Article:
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Commercial Lending – Expanding from Global Cash Flow into Global Analysis-Sp24


Additional information



Recording Available Until



Richard Hamm


Advantage Consulting & Training

Target Audience

Branch managers, commercial lenders, Consumer lenders, credit analysts, lending managers and credit officers, loan review specialists, mortgage bankers, private bankers, small business lenders, special assets officers

Program Time

8:30 am-10:00 am CT


90 minutes

This seminar covers common versions of global cash flow (GCF) analysis being used by bankers, with a focus on GCF as part of the underwriting process in most medium- to smaller-sized businesses and self-employed lending situations. Beyond the basic calculations involved in combining business and personal cash flow, a major issue is how balance sheet changes affect business cash flow, and should business cash flow be broader than earnings before interest, depreciation and amortization (EBITDA)? What about personal balance sheet changes? We complete the cash flow part of the global analysis by reviewing an optional and simplified approach for integrating the cash flow effects of business and personal balance sheet changes.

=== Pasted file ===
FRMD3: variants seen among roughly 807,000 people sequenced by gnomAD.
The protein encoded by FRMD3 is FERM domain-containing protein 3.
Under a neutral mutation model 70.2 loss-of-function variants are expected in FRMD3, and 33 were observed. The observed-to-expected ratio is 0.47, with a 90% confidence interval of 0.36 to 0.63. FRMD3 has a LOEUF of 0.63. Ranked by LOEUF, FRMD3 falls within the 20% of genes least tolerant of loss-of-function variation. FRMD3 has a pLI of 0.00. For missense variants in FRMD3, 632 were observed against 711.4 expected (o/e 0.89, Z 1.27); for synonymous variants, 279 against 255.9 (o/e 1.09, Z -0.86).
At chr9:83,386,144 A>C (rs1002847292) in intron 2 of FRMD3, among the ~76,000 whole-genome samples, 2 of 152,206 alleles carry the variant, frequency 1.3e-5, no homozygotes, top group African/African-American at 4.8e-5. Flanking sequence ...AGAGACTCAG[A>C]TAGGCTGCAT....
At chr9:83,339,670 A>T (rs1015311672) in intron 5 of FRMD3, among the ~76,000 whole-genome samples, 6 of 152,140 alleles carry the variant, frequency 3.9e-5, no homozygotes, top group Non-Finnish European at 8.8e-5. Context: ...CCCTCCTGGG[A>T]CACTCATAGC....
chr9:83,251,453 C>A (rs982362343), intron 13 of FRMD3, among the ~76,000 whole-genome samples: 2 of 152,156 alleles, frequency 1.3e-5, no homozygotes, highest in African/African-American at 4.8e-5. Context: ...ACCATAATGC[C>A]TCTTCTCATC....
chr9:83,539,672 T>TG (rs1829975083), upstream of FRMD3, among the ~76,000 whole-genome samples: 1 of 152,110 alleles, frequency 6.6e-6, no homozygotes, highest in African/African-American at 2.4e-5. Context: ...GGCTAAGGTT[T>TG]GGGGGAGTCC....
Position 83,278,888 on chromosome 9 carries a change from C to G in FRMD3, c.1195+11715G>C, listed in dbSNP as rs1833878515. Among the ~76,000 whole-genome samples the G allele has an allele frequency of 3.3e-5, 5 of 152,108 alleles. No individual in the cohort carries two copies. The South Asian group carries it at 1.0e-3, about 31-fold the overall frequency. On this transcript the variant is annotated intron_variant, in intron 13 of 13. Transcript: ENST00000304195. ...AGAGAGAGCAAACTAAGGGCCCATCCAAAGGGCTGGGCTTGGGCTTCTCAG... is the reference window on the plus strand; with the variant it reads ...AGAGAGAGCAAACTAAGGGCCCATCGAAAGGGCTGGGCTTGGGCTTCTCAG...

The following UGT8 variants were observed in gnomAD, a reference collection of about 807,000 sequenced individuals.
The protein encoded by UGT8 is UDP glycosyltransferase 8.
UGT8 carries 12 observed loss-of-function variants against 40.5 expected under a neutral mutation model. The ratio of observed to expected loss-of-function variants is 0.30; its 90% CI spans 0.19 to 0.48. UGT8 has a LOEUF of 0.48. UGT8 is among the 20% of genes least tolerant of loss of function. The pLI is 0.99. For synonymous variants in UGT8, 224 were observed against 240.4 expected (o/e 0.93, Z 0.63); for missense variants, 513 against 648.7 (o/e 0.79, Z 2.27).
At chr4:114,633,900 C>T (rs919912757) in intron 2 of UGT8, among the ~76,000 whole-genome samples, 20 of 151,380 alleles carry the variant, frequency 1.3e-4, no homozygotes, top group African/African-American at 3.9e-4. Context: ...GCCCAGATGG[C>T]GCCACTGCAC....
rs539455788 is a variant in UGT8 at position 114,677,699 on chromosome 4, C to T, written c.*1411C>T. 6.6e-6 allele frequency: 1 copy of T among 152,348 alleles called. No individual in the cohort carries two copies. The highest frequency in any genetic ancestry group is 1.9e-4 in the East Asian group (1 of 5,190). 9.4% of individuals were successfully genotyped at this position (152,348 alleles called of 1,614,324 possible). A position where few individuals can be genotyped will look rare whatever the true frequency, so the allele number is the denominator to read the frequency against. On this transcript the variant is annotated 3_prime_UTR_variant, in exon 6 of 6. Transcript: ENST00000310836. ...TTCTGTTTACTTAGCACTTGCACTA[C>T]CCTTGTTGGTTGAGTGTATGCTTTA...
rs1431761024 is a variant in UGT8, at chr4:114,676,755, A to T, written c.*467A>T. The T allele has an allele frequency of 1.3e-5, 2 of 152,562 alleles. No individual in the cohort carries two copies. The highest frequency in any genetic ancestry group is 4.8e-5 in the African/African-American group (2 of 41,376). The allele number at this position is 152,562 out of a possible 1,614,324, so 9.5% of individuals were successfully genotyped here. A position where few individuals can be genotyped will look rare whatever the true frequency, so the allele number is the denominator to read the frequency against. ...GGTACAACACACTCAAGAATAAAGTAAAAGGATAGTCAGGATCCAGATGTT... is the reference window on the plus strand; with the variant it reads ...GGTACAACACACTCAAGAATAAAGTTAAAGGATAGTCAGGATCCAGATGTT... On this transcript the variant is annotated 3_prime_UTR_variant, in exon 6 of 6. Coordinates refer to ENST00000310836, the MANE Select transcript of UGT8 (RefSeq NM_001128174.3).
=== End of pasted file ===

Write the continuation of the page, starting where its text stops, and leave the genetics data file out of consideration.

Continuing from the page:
Another issue is how to assess the borrower’s other business holdings, including commercial real estate (CRE). In many instances, the magnitude of guarantees (contingent liabilities) related to other businesses are much larger than the global cash flow that has been calculated. What are some best practices for moving beyond cash flow to making this global, “portfolio” assessment?

Topics to be covered include:
• Regulatory concept of global analysis
• Analytical and conceptual issues:
– Incorporating business balance sheet changes
– Effect of loss carryforwards in a business tax return
• GCF and the larger, global analysis of business and CRE owners/guarantors and related contingent liabilities
• Some tax return basics/issues along the way
• When to recognize that the business itself or a real estate project should stand on its own, and a global cash flow “can’t make a bad loan good.”